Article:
Man the Machetes | Interview with Christopher Iversen

If you haven’t heard of Man the Machetes yet, you’re committing a big flaw. Not only they’re one of the most promising bands from Norway nowadays, but they’ve also released a smashing first album entitled “Idiokrati”.
We approached vocalist Christopher Iversen to find out more about the Man The Machetes and why they’re often tagged Kvelertak younger brothers.

A surprising concoction of early punk, rock ‘n’ roll, hardcore and metal, Man the Machetes’ debut full length album “Idiokrati” is loud and angry yet mesmerising and catchy. It seems that you guys come from different backgrounds or at least have some divergent tastes in music. How did you come around to bring all these influences into your music?

We thanketh thee for such generous words - much appreciated! You're spot on about us having some slightly different tastes in music. To be frank, you'll find fans of everything from Rihanna to Gorgoroth among the members in MTM - a feat we feel shines through in our music. However, I guess we were brought together by a common passion for the hard and aggressive, yet melodic soundscape. We basically write and play music which feels natural to us, both as individuals and as a band.

There has been a lot of positive feedback on this album, yet I noticed Man the Machetes often gets lumped in with Kvelertak, a band whose sound also encompasses a wide range of divergent styles. Does it bother you when people say you sound similar to them or do you find that flattering?

Haha, no, not at all! We saw it coming to be honest, you know, since we're playing aggressive tunes with Norwegian vocals and everything. Everyone in Man the Machetes likes Kvelertak's music, so we find it kind of flattering to be compared to them.

The album was record in Toronto, Canada during four weeks with producer Eric Ratz, who has previously worked with bands like Billy Talent, Cancer Bats and Comeback Kid. Was it easier for you guys to record way from home and the usual distractions from your everyday life?

Definitely! Tracking demos in your local studio is one thing, but being away from home for a long period of time for the sole purpose of recording an album is something completely different. You become part of a setting which gives you drive and focus when approaching your music, a setting where you are isolated together with your tunes and the occasional cup of coffee for weeks. And food of course. :) Physical and mental distractions disappear, and you're able to pour that extra amount energy into what's happening here and now.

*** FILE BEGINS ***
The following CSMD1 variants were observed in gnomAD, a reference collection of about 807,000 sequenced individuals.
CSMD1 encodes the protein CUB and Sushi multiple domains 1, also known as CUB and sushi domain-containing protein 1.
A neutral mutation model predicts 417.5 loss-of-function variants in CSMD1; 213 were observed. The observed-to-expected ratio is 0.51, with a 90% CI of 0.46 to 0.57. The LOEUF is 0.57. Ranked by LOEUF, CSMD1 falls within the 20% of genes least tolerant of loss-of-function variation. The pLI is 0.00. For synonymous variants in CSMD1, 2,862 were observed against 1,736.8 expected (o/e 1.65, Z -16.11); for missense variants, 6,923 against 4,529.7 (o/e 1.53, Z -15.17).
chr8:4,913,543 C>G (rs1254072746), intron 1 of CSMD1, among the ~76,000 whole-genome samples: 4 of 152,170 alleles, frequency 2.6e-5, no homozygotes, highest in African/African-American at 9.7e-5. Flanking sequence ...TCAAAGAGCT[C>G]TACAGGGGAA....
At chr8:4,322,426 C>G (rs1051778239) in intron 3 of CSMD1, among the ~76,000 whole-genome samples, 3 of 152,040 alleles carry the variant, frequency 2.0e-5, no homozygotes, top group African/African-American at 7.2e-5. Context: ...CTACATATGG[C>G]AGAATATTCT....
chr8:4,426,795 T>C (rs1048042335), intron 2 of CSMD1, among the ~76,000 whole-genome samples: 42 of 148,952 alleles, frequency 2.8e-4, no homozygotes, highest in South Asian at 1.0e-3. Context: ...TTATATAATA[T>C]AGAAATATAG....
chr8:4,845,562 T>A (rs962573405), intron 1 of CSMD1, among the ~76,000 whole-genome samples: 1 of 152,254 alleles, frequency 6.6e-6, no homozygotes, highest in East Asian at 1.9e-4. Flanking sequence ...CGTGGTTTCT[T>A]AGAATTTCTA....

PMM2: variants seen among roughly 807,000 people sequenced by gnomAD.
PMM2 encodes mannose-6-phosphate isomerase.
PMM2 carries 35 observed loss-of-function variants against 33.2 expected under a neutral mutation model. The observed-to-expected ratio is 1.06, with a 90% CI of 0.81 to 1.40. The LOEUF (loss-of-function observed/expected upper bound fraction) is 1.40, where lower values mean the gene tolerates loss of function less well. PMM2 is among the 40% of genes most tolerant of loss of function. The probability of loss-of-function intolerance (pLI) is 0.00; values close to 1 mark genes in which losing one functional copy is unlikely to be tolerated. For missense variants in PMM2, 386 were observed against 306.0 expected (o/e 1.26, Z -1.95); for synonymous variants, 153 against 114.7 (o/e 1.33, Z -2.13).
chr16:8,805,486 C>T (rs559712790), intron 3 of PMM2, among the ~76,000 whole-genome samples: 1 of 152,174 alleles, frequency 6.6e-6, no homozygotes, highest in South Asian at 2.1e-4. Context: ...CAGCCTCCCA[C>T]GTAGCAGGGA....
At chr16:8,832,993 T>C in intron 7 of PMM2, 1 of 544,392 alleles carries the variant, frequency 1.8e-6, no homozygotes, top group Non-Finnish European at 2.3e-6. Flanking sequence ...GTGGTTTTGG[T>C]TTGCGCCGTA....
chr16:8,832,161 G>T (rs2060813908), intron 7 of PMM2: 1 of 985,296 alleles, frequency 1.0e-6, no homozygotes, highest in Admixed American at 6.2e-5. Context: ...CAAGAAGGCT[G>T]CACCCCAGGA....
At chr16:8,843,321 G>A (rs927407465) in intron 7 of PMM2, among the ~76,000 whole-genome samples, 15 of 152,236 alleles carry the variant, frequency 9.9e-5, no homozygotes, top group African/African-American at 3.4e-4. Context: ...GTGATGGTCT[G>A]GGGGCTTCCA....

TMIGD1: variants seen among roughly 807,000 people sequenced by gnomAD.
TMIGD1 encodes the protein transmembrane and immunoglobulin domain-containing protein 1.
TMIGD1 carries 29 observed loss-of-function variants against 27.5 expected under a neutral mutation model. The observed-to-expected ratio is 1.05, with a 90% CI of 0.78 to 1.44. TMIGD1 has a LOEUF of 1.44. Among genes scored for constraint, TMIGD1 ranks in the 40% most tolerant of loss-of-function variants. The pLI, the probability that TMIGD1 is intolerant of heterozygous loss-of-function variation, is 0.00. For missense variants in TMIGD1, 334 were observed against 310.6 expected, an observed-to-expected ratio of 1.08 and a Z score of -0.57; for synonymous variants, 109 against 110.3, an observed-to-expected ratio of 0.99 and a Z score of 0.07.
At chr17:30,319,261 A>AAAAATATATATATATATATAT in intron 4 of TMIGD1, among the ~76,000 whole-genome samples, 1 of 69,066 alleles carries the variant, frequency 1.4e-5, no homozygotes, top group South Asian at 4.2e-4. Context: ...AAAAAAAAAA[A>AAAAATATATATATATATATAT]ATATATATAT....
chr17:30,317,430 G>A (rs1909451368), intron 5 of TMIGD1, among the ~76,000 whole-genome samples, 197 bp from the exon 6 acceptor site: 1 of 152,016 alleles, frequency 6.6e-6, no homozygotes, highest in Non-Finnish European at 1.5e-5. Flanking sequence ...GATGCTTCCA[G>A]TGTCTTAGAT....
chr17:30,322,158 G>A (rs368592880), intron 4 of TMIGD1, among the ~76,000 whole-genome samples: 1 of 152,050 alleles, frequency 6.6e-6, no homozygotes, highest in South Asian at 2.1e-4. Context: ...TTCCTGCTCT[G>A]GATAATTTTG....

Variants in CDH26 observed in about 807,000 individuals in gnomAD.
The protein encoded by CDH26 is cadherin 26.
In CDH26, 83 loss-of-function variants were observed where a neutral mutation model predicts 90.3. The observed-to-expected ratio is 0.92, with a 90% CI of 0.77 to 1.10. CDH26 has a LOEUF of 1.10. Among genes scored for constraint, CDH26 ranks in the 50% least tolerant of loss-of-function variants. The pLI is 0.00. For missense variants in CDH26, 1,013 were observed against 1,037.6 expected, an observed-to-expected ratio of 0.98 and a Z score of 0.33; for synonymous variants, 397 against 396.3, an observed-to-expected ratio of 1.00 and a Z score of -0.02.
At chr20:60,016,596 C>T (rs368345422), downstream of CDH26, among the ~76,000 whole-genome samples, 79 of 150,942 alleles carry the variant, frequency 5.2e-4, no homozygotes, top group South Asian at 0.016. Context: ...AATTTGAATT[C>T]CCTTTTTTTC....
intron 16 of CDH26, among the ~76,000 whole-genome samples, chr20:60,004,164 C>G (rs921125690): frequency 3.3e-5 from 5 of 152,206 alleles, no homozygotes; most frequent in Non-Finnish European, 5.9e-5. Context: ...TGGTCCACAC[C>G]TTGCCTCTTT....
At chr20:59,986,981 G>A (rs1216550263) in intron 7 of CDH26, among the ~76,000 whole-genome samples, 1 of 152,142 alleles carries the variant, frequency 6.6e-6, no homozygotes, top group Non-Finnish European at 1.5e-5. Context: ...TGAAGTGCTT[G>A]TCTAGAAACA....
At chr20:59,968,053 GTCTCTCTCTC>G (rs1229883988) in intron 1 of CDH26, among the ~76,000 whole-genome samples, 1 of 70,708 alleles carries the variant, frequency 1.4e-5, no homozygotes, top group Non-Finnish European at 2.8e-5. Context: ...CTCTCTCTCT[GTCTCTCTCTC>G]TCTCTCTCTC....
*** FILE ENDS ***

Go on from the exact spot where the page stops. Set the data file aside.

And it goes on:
There’s a lot of energy in your album and a lot of the songs have this live vibe with some engaging and catchy guitar riffs. Would you say that energy was there when you were writing the songs, or did that come in the studio?

Thanks - that's one of the things we're aiming for. The energy tends to build up gradually when we start writing a new song, and if it doesn't cumulate with us being stoked like crazed monkeys when the song is finished, we pick it apart and rewrite it. One of our goals is to write music which gives us goosebumps, regardless if it's the 1th or 1000th playthrough, and that requires some revisions from time to another. The energy was definitely maintained during our stay at Vespa Studios, with Ratz being charismatic and everything, and listening to the songs as they were put together gave us a boost we hadn't experienced before.

I’ve read in recent study that Norway is the happiest place to live in the whole world and that Norwegians are quite satisfied with their standards of living. So where exactly do you get the fuel to churn out such an angry and energetic sound?

In a society which has everything needed to maintain a good lifestyle for most of its citizens, you'll find many elements which tend to lean towards the superficial and the egocentric. I thinks it's safe to say that this isn't a problem for Norway only, but rather a global problem which evolves around industrialized and rich countries where people have all their basic needs fulfilled. This breeds, among other unwanted things, a "dumbing down" of people.

What is the meaning behind the title of the disc, “Idiokrati”? What inspires the lyrical themes the most?

We chose the title Idiokrati (Idiocracy) because we felt that it reflected or summed up the lyrical themes of the songs in a good way. The lyrics are inspired by topics like: anti-social behaviour, polarization of mass media, violence, religion, individualism etc.

What's next for Man the Machetes?

Gigs, gigs and...gigs. :) 

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